7)      Measuring diffusion properties of fluids: Can be done using single molecule tracking with light microscopy which has good spatial resolution, but low depth penetration. Light scattering techniques like dynamic light scattering (DLS) and diffusing wave spectroscopy (DWS) give ensemble average responses, but low local resolution. Optical Coherence Tomography (OCT) is based on light scattering, has better penetration and can provide local viscoelasticity properties of complex fluids. Raghav Chhetri showed some results for the elastic and viscous modulus of polyethelene glycol, from using optical coherence microrheology (OCMR) to resolve diffusion of spherical and rod shaped probes in complex fluids.

8)      David Nolte from Purdue spoke about using cell and tissue motion as a contrast agent for dynamic light scattering. They use low-coherence digital holography as a coherence gate to select light from specific depths in the tissue.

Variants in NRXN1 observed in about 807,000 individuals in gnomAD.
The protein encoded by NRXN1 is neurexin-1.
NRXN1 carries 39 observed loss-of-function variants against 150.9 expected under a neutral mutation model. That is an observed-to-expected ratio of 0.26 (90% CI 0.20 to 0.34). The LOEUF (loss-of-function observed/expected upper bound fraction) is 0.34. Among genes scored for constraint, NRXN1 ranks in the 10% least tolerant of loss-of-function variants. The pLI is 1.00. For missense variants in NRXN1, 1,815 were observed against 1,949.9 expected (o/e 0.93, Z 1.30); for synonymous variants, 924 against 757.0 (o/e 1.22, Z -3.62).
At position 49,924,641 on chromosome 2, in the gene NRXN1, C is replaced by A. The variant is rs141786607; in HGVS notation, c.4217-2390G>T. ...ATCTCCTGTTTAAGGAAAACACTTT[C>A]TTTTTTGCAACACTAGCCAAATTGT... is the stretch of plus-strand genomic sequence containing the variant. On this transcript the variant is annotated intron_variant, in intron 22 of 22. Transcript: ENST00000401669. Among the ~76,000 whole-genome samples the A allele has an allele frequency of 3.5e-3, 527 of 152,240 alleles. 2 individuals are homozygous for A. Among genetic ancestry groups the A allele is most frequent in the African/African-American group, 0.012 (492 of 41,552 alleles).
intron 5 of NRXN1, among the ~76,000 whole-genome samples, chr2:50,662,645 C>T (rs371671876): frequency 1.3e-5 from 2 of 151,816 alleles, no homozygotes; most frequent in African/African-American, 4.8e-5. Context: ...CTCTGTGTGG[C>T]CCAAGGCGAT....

Light scatters when incident on a complex, moving object. The fluctuations of the reflected intensity depend on the nature of the motion, such as fast or slow. The selection of specific depth layers in the object is done with Digital holography. Digital holography performed in an off-axis configuration can be used to create spatial interference and allows image reconstruction with a quick fourier transform.

David showed fluctuation spectrograms used for evaluating the effects of drugs on cells comparing the results before and after. This technique would be very useful for such drug evaluation applications and others.  

9)      Dan Marks: The gigapixel camera contains a central monocentric objective lens and several micro-camera systems that enable gigapixel, wide field of view imaging. Larger FsOV require different objectives and more microcameras. Dan discussed scalable, economic design of microcameras which can be reused between different camera designs having different FsOV. This saves them from having to make new microcameras for every new mono-objective. 

No comments:

Post a Comment